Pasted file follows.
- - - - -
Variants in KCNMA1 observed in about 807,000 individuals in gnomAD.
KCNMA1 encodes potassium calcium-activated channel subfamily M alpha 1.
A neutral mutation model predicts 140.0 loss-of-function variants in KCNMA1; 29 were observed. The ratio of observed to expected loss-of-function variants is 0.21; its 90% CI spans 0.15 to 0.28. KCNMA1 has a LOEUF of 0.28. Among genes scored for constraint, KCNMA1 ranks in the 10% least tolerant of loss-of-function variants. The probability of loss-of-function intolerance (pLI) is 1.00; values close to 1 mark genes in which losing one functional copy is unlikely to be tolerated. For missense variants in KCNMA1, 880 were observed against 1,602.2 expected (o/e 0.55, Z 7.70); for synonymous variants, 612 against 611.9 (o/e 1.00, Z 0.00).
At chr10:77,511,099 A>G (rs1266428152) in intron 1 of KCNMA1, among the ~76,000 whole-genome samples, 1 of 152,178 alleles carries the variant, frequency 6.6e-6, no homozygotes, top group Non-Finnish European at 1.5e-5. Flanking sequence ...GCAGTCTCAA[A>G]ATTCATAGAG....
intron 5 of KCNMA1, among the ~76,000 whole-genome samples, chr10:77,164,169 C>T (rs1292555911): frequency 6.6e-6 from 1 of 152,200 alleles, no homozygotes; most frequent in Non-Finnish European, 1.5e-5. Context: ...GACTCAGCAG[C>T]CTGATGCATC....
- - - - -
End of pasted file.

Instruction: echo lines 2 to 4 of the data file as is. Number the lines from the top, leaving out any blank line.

KCNMA1 encodes potassium calcium-activated channel subfamily M alpha 1.
A neutral mutation model predicts 140.0 loss-of-function variants in KCNMA1; 29 were observed. The ratio of observed to expected loss-of-function variants is 0.21; its 90% CI spans 0.15 to 0.28. KCNMA1 has a LOEUF of 0.28. Among genes scored for constraint, KCNMA1 ranks in the 10% least tolerant of loss-of-function variants. The probability of loss-of-function intolerance (pLI) is 1.00; values close to 1 mark genes in which losing one functional copy is unlikely to be tolerated. For missense variants in KCNMA1, 880 were observed against 1,602.2 expected (o/e 0.55, Z 7.70); for synonymous variants, 612 against 611.9 (o/e 1.00, Z 0.00).
At chr10:77,511,099 A>G (rs1266428152) in intron 1 of KCNMA1, among the ~76,000 whole-genome samples, 1 of 152,178 alleles carries the variant, frequency 6.6e-6, no homozygotes, top group Non-Finnish European at 1.5e-5. Flanking sequence ...GCAGTCTCAA[A>G]ATTCATAGAG....